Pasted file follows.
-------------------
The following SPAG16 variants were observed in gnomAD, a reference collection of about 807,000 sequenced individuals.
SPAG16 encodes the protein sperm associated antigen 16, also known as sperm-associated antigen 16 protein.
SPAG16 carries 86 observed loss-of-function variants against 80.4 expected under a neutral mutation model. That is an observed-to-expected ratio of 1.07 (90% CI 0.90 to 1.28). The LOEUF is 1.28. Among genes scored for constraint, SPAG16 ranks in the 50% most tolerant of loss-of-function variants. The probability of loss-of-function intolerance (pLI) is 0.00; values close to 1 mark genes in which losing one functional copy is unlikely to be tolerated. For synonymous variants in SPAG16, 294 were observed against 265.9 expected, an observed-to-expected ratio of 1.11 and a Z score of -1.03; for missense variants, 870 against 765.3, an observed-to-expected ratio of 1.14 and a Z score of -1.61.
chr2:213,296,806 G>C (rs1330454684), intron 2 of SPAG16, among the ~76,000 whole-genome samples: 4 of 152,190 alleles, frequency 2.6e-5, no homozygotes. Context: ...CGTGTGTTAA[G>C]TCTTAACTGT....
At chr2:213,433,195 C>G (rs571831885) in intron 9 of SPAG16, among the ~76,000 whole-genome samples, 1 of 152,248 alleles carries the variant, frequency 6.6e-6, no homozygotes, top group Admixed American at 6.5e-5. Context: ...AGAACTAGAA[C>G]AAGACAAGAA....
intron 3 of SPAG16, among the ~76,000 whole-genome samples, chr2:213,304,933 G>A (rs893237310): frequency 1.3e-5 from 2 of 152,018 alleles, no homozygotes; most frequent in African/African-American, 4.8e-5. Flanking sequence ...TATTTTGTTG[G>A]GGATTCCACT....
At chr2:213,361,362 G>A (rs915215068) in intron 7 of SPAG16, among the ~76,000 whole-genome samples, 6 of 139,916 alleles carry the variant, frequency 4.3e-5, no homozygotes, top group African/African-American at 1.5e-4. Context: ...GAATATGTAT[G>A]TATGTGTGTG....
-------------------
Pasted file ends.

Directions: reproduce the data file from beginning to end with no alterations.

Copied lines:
The following SPAG16 variants were observed in gnomAD, a reference collection of about 807,000 sequenced individuals.
SPAG16 encodes the protein sperm associated antigen 16, also known as sperm-associated antigen 16 protein.
SPAG16 carries 86 observed loss-of-function variants against 80.4 expected under a neutral mutation model. That is an observed-to-expected ratio of 1.07 (90% CI 0.90 to 1.28). The LOEUF is 1.28. Among genes scored for constraint, SPAG16 ranks in the 50% most tolerant of loss-of-function variants. The probability of loss-of-function intolerance (pLI) is 0.00; values close to 1 mark genes in which losing one functional copy is unlikely to be tolerated. For synonymous variants in SPAG16, 294 were observed against 265.9 expected, an observed-to-expected ratio of 1.11 and a Z score of -1.03; for missense variants, 870 against 765.3, an observed-to-expected ratio of 1.14 and a Z score of -1.61.
chr2:213,296,806 G>C (rs1330454684), intron 2 of SPAG16, among the ~76,000 whole-genome samples: 4 of 152,190 alleles, frequency 2.6e-5, no homozygotes. Context: ...CGTGTGTTAA[G>C]TCTTAACTGT....
At chr2:213,433,195 C>G (rs571831885) in intron 9 of SPAG16, among the ~76,000 whole-genome samples, 1 of 152,248 alleles carries the variant, frequency 6.6e-6, no homozygotes, top group Admixed American at 6.5e-5. Context: ...AGAACTAGAA[C>G]AAGACAAGAA....
intron 3 of SPAG16, among the ~76,000 whole-genome samples, chr2:213,304,933 G>A (rs893237310): frequency 1.3e-5 from 2 of 152,018 alleles, no homozygotes; most frequent in African/African-American, 4.8e-5. Flanking sequence ...TATTTTGTTG[G>A]GGATTCCACT....
At chr2:213,361,362 G>A (rs915215068) in intron 7 of SPAG16, among the ~76,000 whole-genome samples, 6 of 139,916 alleles carry the variant, frequency 4.3e-5, no homozygotes, top group African/African-American at 1.5e-4. Context: ...GAATATGTAT[G>A]TATGTGTGTG....